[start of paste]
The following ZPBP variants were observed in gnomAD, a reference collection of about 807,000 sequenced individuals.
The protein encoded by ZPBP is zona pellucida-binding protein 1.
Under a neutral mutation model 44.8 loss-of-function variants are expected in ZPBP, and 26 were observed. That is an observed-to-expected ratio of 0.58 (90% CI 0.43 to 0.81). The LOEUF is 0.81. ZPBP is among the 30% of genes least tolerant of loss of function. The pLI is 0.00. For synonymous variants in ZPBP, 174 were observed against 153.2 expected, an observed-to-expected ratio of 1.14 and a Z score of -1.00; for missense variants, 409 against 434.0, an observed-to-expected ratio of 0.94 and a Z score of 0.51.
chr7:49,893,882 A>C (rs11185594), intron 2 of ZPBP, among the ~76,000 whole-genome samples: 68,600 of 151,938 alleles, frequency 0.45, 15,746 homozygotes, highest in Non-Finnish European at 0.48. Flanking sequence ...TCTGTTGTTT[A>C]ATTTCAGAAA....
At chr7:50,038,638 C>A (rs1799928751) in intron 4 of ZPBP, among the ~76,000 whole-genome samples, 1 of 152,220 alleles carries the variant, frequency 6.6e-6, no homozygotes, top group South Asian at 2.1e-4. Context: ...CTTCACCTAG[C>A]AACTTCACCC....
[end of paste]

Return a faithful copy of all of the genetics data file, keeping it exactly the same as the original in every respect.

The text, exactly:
The following ZPBP variants were observed in gnomAD, a reference collection of about 807,000 sequenced individuals.
The protein encoded by ZPBP is zona pellucida-binding protein 1.
Under a neutral mutation model 44.8 loss-of-function variants are expected in ZPBP, and 26 were observed. That is an observed-to-expected ratio of 0.58 (90% CI 0.43 to 0.81). The LOEUF is 0.81. ZPBP is among the 30% of genes least tolerant of loss of function. The pLI is 0.00. For synonymous variants in ZPBP, 174 were observed against 153.2 expected, an observed-to-expected ratio of 1.14 and a Z score of -1.00; for missense variants, 409 against 434.0, an observed-to-expected ratio of 0.94 and a Z score of 0.51.
chr7:49,893,882 A>C (rs11185594), intron 2 of ZPBP, among the ~76,000 whole-genome samples: 68,600 of 151,938 alleles, frequency 0.45, 15,746 homozygotes, highest in Non-Finnish European at 0.48. Flanking sequence ...TCTGTTGTTT[A>C]ATTTCAGAAA....
At chr7:50,038,638 C>A (rs1799928751) in intron 4 of ZPBP, among the ~76,000 whole-genome samples, 1 of 152,220 alleles carries the variant, frequency 6.6e-6, no homozygotes, top group South Asian at 2.1e-4. Context: ...CTTCACCTAG[C>A]AACTTCACCC....